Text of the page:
1. saddamtohmto

    saddamtohmto Member

    Fribourg
    Francophone / Suisse
    bonjour,

    quelqu'un peut-il m'aider à traduire en anglais la phrase suivante:

    Nous illustrons en quoi consiste la réponse fonctionnelle via le système de Lotka-Volterra.

    Voici mon essai:

    We illustrate of what functional response consists via the Lotka-Volterra system.

    Merci à tous

    Note des modérateurs : nous avons fusionné plusieurs discussions pour créer ce fil.
     
    Last edited by a moderator: May 29, 2013
  2. Nil-the-Frogg

    Nil-the-Frogg Senior Member

    Essonne
    Français (France)
    Personnellement, j'allègerais l'original: "Nous illustrons [le principe de] la réponse fonctionnelle via..."

    Alors, en anglais, j'imagine que l'on obtient: "We illustrate [the principle of] functional response through..."

    En espérant ne pas trop dire de bêtises :)
     
  3. geostan

    geostan Senior Member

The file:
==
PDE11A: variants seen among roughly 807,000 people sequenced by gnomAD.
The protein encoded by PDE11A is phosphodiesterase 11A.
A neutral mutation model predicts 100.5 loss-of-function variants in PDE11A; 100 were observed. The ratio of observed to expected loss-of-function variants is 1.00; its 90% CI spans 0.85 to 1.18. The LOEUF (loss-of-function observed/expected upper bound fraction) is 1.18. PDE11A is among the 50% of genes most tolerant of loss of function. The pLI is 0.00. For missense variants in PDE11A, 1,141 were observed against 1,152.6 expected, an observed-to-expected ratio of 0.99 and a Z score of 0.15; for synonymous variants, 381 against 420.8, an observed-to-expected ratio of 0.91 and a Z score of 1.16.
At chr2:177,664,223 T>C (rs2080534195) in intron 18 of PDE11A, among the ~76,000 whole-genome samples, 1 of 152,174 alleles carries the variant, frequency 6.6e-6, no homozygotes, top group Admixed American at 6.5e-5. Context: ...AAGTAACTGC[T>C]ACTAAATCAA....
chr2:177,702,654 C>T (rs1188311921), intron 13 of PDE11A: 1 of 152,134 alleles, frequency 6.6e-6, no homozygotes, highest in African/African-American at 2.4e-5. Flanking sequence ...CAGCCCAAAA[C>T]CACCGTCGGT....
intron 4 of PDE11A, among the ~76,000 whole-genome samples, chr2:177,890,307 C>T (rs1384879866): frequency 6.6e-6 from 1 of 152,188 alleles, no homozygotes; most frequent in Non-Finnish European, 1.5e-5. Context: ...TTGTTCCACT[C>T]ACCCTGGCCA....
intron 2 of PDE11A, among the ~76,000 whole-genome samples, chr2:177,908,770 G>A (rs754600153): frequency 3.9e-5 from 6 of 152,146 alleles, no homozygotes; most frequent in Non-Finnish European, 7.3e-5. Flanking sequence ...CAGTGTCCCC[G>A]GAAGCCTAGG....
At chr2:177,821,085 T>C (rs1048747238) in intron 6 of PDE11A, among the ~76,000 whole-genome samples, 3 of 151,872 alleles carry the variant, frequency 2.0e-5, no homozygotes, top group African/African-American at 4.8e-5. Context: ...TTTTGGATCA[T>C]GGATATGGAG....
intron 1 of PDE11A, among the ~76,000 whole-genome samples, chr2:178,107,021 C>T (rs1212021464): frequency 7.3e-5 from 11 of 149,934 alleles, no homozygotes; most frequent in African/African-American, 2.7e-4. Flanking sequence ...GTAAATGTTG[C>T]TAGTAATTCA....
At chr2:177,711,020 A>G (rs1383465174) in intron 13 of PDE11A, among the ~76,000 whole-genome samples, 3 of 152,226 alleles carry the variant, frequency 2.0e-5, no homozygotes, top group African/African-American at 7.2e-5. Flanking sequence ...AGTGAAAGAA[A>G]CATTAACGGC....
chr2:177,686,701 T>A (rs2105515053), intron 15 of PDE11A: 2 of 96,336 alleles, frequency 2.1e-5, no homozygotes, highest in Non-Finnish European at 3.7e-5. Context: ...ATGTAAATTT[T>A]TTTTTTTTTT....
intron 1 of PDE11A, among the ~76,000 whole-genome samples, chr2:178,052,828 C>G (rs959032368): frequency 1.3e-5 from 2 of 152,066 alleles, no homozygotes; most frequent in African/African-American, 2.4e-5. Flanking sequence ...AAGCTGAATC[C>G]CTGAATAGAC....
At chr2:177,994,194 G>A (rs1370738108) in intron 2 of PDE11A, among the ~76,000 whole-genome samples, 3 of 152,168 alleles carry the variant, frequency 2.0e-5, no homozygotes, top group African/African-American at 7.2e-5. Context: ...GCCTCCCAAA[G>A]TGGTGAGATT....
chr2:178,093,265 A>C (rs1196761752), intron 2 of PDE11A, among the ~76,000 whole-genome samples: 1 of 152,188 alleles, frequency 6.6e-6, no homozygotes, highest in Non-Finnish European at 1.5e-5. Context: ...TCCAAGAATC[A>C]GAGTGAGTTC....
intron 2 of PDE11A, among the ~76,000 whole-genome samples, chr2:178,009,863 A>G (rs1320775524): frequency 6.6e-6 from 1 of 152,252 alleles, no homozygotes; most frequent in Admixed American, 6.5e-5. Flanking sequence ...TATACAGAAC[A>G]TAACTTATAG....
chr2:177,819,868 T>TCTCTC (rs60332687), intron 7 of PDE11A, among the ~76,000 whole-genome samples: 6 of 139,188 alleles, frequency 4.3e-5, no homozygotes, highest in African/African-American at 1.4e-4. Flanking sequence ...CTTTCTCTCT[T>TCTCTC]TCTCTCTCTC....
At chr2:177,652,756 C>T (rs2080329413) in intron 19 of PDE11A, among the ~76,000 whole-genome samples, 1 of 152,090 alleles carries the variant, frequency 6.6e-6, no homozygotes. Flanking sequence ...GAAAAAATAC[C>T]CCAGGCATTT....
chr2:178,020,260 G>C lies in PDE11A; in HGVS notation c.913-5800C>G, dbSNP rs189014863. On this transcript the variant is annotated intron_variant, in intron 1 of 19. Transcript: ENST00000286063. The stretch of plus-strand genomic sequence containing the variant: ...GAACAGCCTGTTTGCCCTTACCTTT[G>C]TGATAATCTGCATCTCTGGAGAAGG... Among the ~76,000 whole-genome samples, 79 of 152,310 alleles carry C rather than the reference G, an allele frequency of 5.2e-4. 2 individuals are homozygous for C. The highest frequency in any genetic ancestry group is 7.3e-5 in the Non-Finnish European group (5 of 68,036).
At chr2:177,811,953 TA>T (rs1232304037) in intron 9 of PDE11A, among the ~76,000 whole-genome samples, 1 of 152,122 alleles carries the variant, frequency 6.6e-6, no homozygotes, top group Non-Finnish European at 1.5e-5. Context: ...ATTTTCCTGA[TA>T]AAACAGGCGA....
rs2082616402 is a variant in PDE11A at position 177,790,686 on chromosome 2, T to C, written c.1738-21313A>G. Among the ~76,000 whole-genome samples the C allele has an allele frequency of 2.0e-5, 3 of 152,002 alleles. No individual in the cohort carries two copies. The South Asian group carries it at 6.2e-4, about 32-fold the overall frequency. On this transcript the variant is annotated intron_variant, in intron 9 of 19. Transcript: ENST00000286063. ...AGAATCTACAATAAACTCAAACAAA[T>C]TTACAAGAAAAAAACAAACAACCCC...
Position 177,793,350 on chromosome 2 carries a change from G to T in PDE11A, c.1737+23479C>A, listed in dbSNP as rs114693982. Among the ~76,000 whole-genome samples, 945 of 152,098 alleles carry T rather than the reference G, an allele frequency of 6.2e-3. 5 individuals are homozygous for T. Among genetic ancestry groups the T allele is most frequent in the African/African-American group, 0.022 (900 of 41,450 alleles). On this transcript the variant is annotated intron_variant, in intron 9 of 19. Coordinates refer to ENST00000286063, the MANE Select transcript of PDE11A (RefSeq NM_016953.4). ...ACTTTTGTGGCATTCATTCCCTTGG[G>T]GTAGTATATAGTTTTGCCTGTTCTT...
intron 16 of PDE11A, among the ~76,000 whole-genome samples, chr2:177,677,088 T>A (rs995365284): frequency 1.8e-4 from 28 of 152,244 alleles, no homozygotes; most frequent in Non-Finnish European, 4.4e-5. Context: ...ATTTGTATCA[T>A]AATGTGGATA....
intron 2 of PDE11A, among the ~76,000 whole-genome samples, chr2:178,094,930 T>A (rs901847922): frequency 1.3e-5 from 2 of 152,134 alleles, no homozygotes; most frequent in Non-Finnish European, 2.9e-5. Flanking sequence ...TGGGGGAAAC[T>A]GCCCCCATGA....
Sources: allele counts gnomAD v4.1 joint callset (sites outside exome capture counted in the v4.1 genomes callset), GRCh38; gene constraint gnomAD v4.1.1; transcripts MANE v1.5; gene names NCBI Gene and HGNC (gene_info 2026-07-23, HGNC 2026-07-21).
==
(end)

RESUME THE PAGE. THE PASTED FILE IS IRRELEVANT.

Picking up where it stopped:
English Canada
    I'm not crazy about the sentence, but the English word order can be improved.

    "We illustrate what the functional response via the Lotka-Volterra system consists of."

    I know that one should avoid placing a preposition at the end of a sentence, but any other word order seems impossible to me.

    Cheers!
     
  4. Iznogoud

    Iznogoud Senior Member

    French - Canada
    How about: "We illustrate what the functional response consists of via the Lotka-Volterra system."

    Then again, instead of a litteral translation of the verb, why not simply: "We illustrate the functional response via the Lotka-Volterra system."
     
  5. saddamtohmto

    saddamtohmto Member

    Fribourg
    Francophone / Suisse
    Thank you all,

    mon style en anglais est parfois un peu lourd...

    By the way, another question about consist: what is the difference between to consist in and to consist of ?


    Merci
     
  6. david314

    david314 Senior Member

    Clayton, Missouri